DISCLOSURE OF INVENTION

An object of the present invention is to provide an improved recycling process for attaining efficient and stable production of ethylene and propylene by obtaining recycling materials from reaction products by a simple process in a method of producing ethylene and propylene from a hydrocarbon starting material containing at least one olefin of 4-12 carbon atoms using a catalyst containing a medium pore diameter zeolite.

The inventors have conducted intensive research in an attempt to attain the above object. As a result, it has been unexpectedly found that in a method of obtaining a reaction mixture containing ethylene and propylene by contacting a hydrocarbon starting material containing an olefin of 4-12 carbon atoms with a specific zeolite-containing catalyst under specific conditions, even when the reaction mixture is separated into a fraction comprising hydrogen and a hydrocarbons of 3 or less carbon atoms and a hydrocarbon of 4 or more carbon atoms, and the hydrocarbon of 4 or more carbon atoms is used, as it is, as a recycling material (without removing heavy materials), a stable operation is possible without adverse effect on deterioration of the catalyst, and based on this finding, the present invention has been accomplished.

That is, the present invention relates to the following production methods.

(1) A method of producing ethylene and propylene which comprises contacting a hydrocarbon starting material containing 20% by mass or more of at least one olefin of 4-12 carbon atoms with a catalyst containing a medium pore diameter zeolites, the zeolite containing silver and substantially no protons, having a molar ratio SiO2/Al2O3 of 200-5000 and selected from the group consisting of ZSM-5 type zeolites, in a reaction vessel under the conditions of a reaction temperature of 400-600° C., a partial pressure of the hydrocarbon starting material of 0.01-0.5 MPa and a weight hourly space velocity of 1-100 hr−1 to carry out a catalytic conversion reaction of said at least one olefin of 4-12 carbon atoms, thereby obtaining a reaction mixture containing ethylene and propylene, separating the reaction mixture into a fraction A containing mainly hydrogen and hydrocarbons of 1-3 carbon atoms and a fraction B containing mainly at least one hydrocarbon of 4 or more carbon atoms, and separating ethylene and propylene from the fraction A, said method meeting the following requirements (i) and (ii):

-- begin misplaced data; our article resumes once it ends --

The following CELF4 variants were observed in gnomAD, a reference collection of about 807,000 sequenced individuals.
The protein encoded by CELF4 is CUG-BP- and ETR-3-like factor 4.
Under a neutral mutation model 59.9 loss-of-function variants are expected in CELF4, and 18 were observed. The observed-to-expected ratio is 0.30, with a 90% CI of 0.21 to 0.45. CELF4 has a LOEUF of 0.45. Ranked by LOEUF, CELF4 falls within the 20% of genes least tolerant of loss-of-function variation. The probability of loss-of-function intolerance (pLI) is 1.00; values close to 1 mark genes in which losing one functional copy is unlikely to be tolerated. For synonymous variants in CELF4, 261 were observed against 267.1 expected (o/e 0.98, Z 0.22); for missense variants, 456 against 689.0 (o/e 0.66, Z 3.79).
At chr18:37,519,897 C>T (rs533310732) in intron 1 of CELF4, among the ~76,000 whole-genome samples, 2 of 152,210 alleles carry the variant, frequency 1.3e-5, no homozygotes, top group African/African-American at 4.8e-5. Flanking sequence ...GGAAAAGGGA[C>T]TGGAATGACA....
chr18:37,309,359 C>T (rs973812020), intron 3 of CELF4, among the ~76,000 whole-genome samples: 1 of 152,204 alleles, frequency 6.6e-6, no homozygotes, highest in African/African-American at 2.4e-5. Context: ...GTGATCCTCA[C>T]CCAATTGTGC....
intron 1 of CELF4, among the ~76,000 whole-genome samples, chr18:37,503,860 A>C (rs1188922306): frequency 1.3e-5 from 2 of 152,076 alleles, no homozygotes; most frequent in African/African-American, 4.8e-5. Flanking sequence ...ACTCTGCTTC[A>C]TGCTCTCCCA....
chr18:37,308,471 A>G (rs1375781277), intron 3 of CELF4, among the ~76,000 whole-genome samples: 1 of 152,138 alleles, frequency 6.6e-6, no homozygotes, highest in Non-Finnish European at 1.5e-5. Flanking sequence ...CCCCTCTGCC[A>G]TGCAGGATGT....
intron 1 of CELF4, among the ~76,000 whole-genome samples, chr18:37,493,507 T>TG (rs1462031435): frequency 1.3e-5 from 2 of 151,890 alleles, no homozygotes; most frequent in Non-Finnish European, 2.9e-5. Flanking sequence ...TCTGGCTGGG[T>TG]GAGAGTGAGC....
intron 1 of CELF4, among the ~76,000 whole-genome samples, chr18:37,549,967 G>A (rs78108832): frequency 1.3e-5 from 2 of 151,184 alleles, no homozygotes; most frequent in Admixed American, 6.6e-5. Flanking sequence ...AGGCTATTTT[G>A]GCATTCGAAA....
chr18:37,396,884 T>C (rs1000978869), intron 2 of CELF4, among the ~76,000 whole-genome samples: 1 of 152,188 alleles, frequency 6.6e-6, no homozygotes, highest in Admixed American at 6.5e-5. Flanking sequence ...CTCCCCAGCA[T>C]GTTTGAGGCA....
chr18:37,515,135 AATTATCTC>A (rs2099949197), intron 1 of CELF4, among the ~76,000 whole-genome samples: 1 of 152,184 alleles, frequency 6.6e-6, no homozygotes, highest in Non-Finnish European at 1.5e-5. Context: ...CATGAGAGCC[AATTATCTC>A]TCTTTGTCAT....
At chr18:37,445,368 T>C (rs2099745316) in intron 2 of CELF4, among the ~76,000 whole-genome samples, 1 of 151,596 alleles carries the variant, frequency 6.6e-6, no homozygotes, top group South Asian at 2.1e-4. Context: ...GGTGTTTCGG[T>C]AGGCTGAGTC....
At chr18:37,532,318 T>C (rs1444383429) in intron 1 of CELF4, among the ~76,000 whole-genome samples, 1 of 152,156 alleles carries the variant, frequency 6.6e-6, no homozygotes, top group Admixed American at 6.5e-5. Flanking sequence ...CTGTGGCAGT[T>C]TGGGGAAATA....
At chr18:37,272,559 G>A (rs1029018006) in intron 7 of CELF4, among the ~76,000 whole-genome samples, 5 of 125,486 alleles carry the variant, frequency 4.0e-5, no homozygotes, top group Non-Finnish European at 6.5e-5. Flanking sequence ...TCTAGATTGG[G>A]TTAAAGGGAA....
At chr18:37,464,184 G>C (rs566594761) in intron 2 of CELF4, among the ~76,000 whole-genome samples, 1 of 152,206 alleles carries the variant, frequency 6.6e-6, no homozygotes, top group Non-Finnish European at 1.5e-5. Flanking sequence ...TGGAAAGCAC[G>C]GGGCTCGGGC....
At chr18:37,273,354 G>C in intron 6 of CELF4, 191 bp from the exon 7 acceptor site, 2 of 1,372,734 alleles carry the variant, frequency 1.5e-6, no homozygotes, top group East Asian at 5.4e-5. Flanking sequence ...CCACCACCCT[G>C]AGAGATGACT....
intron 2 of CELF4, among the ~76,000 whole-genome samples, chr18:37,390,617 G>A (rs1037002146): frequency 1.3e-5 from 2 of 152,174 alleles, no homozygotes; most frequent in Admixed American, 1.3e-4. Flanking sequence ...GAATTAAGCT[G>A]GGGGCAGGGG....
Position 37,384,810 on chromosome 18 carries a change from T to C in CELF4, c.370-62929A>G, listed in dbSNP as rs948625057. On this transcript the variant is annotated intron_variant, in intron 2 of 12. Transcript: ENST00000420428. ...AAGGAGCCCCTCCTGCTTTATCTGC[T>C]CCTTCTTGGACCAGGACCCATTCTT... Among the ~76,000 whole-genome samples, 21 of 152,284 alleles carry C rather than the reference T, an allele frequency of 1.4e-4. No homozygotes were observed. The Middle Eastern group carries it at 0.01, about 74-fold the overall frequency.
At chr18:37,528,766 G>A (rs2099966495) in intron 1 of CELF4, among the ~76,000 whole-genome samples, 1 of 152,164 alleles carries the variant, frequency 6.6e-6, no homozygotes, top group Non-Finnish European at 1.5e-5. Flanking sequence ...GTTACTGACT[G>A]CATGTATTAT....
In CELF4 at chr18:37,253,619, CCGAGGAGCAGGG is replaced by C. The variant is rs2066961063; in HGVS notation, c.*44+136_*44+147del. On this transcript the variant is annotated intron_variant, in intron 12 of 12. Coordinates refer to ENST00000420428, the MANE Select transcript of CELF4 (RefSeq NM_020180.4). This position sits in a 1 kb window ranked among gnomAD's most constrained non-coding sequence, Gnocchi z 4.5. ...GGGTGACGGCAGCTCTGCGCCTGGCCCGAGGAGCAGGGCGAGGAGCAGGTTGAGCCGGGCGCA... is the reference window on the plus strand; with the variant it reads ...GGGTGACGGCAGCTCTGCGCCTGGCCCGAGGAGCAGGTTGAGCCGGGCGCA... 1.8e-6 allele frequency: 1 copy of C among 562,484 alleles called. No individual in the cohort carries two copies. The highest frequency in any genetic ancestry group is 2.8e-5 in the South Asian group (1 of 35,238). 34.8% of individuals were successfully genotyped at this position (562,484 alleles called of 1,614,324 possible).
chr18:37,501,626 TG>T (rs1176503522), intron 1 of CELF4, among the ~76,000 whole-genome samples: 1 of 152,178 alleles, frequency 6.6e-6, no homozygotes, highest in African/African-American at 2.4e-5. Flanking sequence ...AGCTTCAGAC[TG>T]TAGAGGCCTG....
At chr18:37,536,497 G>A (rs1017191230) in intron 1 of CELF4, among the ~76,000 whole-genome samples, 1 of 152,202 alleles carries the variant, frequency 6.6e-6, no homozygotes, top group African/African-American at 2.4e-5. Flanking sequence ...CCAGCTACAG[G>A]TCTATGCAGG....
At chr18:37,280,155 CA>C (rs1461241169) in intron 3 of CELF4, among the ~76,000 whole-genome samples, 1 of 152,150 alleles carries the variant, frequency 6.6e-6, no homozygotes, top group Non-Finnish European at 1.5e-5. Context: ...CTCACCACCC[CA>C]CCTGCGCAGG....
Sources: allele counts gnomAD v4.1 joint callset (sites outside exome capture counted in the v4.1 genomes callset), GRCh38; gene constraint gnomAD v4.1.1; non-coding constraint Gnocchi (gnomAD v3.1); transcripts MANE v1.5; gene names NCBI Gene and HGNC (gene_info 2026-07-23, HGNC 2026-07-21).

(i) to satisfy ΔAROMA/P≦13
ΔAROMA=AROMAout−AROMAin

    • (AROMAin: percent by mass of aromatic hydrocarbon component of 6-8 carbon atoms in the hydrocarbon starting material at the inlet of the reaction vessel,
    • AROMAout: percent by mass of aromatic hydrocarbon component of 6-8 carbon atoms in the reaction mixture at the outlet of the reaction vessel,
    • P: partial pressure of the hydrocarbon starting material [MPa]); and

(ii) to recycle 10-95% by mass of the fraction B to the reaction vessel and use it as the hydrocarbon starting material.

(2) A method described in the above (1), wherein the fraction A is separated into a fraction A1 containing mainly hydrogen and a hydrocarbon of 1-2 carbon atoms and a fraction A2 containing mainly hydrocarbons of 3 carbon atoms, and at least a part of the fraction A1 is recycled to the reaction vessel and used as a part of the hydrocarbon starting material.

(3) A method described in the above (1), wherein 15-90% by mass of the fraction B is recycled to the reaction vessel and used as a part of the hydrocarbon starting material.

(4) A method described in the above (1), wherein the formula in the requirement (i) is ΔAROMA/P≦10.

(5) A method of producing ethylene and propylene which comprises contacting a hydrocarbon starting material containing 20% by mass or more of at least one olefin of 4-12 carbon atoms with a catalyst containing a medium pore diameter zeolites, the zeolites containing silver and substantially no protons, having a molar ratio SiO2/Al2O3 of 200-5000 and selected from the group consisting of ZSM-5 type zeolites, in a reaction vessel under the conditions of a reaction temperature of 400-600° C., a partial pressure of the hydrocarbon starting material of 0.01-0.5 MPa and a weight hourly space velocity of 1-100 hr−1 to carry out a catalytic conversion reaction of said at least one olefin of 4-12 carbon atoms, thereby obtaining a reaction mixture containing ethylene and propylene, separating the reaction mixture into a fraction C containing mainly hydrogen and a hydrocarbon of 1-2 carbon atoms and a fraction D containing mainly at least one hydrocarbon of 3 or more carbon atoms, separating the fraction D into a fraction D1 containing mainly hydrocarbons of 3 carbon atoms and a fraction D2 containing mainly at least one hydrocarbon of 4 or more carbon atoms and separating ethylene and/or propylene from the fraction C and/or the fraction D1, said method meeting the following requirements (i) and (ii):

(i) to satisfy ΔAROMA/P≦13
ΔAROMA=AROMAout−AROMAin

    • (AROMAin: percent by mass of aromatic hydrocarbon component of 6-8 carbon atoms in the hydrocarbon starting material at the inlet of the reaction vessel,
    • AROMAout: percent by mass of aromatic hydrocarbon component of 6-8 carbon atoms in the reaction mixture at the outlet of the reaction vessel,
    • P: partial pressure of the hydrocarbon starting material [MPa]); and

(ii) to recycle 10-95% by mass of the fraction D2 to the reaction vessel and use it as the hydrocarbon starting material.